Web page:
These are consumables
You wouldn't worry about reusing a rubber glove or a paper towel. If it's pristine, sure... But generally you don't expect to.
That roller cover is $3, the hot dog is $1 and the brush is $2.
Stannius makes a good point about buying a quality brush and taking care of it. That idea actually harkens back to the age when everything was brushed (and oil based) and the best brushes were badger. It makes even more sense with latex/emulsion. Won't work with 2-part paints, though.
It's a waste of your time
You used these supplies for a previous paint job. At the end of that job, you left them in that state. That means at that time, you chose to scrap them.
And that's fine. Cleaning them better would've taken more effort. Your decision back them was probably correct. Getting them clean is a lot of work and your time also has value.
Okay then... Here's how you save them
Short-term: you wrap them tightly in plastic, ideally in a ziplock bag and press all the air out. Air makes them dry and cure. If they are a 2-part paint such as an epoxy or LPU, you must put them in the fridge or freezer, and you will need a dedicated fridge just for that, because the fumes will contaminate food. I can get 2-4 days tops this way. This doesn't always work, if your wrapping is poor they will dry in the bag. If you don't want to chance it, use the following longer term methods.
Latex/emulsion paints: you work them in soap and water. A lot. You work soap and water into them aggressively, rinse, over and over. Brush/roll on a clear surface (such as the bottom of the sink) to see how well you are doing. You are done when they are so clean it is impossible to tell what color you had been painting. For rollers, some multi-purpose paint scrapers have a hook for squeezing out rollers.
Alkyds, lacquers, and other oil base: Paint the brush out as far as possible on masking paper (don't use newspaper). Splash it with a bit of thinner, work the thinner in, and brush it out again. Repeat until diminishing returns. Now put 1/2" of thinner in the bottom of a soup can and work the brush in it. Dump the thinner, repeat until the thinner runs nearly clear. Hang the brush by the hole to dry. Try not to spend more on thinner than the brush is worth, and don't do this on Spare The Air days.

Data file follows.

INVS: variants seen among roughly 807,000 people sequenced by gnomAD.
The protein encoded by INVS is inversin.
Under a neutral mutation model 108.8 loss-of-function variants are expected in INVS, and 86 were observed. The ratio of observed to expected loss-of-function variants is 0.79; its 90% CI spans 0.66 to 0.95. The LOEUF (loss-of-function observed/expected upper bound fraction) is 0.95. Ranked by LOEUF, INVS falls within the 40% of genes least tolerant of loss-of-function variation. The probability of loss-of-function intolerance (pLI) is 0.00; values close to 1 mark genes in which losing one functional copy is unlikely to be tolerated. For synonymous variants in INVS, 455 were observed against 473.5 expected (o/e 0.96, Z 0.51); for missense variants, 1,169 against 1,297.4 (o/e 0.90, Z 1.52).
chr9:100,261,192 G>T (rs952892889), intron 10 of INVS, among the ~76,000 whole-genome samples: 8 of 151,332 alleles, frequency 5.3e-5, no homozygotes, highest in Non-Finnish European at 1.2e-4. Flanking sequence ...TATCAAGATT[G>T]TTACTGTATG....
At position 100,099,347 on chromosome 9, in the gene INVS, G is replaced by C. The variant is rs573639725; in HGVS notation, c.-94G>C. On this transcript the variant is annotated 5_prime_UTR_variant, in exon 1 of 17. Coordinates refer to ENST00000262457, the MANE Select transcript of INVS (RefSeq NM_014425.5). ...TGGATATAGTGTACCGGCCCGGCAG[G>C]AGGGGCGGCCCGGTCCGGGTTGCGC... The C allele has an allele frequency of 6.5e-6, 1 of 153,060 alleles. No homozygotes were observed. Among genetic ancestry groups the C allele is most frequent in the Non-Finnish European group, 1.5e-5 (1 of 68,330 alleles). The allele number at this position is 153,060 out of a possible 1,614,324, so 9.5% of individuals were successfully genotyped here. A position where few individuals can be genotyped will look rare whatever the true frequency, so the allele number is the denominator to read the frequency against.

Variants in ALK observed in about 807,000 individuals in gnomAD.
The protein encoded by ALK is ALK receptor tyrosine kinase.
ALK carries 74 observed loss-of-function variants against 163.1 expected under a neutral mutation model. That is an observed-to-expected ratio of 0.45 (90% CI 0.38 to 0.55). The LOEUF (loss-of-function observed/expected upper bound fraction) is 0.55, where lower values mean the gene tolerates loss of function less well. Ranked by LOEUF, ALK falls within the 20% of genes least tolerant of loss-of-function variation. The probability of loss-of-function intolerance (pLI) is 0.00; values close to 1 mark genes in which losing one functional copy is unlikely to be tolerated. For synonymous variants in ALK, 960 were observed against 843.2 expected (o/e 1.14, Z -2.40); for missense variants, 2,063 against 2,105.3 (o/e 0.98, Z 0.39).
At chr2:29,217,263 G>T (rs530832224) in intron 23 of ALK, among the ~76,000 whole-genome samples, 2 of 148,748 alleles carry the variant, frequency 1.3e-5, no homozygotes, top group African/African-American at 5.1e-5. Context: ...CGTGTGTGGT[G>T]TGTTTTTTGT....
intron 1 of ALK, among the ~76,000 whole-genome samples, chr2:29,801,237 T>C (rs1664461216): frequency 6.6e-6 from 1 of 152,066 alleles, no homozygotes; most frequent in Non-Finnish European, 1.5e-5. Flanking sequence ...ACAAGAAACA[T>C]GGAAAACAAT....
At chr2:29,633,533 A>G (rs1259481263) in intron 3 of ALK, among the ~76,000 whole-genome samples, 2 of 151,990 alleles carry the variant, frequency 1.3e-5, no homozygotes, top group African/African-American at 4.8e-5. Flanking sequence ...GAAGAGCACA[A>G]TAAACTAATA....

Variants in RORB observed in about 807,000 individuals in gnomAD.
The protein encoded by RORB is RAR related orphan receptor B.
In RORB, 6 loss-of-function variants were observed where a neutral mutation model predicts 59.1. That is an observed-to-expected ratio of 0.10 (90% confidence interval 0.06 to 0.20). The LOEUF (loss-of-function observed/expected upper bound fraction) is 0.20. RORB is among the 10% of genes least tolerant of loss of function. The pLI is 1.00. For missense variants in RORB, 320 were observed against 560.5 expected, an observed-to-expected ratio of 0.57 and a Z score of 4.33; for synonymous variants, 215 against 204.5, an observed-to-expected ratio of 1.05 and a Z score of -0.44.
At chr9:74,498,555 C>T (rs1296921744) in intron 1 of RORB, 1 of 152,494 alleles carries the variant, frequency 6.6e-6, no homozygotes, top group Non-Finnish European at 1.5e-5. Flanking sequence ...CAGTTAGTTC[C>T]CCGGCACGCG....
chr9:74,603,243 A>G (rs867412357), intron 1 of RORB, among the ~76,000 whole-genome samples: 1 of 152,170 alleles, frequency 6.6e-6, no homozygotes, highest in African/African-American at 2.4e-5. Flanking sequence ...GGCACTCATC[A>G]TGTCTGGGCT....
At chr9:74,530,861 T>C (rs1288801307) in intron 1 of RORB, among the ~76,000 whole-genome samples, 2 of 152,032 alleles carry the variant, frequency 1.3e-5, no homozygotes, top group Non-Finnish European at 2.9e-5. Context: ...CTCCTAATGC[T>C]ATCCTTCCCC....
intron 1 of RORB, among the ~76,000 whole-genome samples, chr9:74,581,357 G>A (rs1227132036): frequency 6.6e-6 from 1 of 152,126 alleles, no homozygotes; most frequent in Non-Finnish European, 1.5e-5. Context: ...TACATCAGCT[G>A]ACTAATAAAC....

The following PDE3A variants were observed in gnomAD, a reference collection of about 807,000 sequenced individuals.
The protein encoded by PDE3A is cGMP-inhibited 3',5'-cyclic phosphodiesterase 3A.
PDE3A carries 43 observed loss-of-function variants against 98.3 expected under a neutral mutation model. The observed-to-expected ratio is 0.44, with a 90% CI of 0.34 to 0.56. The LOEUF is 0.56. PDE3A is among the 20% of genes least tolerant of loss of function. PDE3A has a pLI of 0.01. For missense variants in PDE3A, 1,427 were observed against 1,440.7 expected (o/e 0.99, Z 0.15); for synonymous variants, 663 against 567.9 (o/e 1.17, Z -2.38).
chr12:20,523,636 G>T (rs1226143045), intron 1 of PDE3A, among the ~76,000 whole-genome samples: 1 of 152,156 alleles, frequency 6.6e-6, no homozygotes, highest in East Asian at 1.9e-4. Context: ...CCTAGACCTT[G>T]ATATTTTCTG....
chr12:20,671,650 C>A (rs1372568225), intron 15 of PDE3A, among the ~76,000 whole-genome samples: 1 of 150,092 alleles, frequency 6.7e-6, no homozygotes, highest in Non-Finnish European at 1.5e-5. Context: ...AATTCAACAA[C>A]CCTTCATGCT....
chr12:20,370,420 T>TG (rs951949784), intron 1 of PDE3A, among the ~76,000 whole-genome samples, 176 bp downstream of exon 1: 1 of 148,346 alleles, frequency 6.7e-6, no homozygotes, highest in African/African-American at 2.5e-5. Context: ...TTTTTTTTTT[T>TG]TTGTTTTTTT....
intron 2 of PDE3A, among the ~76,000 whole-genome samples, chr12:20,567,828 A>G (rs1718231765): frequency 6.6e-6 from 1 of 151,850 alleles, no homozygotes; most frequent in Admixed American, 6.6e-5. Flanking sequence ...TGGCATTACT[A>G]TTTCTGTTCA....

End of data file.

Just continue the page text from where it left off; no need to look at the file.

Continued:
- For rollers, toss them in the trash unless you have a useful application for the paint-contaminated thinner you'll burn through trying to clean them. For instance I'm fond of painting ultra-thin, and so I save the thinner for later reducing the next coat. Roll them out on masking paper, put 1/8" of thinner in a clean roller tray, roll through the thinner, squeeze it out as dry as possible, recycle that thinner, repeat until clean.
2-part coatings of any kind that come in an A and B part: into the trash it goes. Because you definitely will spend 4x the brush's worth in the expensive solvent.
I just did an LPU project. I ordered 3 boxes of chip brushes, and 20 of the exotic LPU tolerant rollers. They are a consumable, like thinner.
How to save dried out plastic roller trays: soak them in water, for a really long time. I found this out when I abandoned a tray I had used too many times for 2-part epoxy primer. It filled with rain. The epoxy coating chipped and blistered, I flexed the tray and the coating just popped out in chips. This surprised me, as epoxy coatings are used to line the inside of tanks. That works because roller trays have a very glossy finish paint doesn't want to stick to. The water gave it the nudge it needed to let go. It would not happen in a properly prepared tank interior.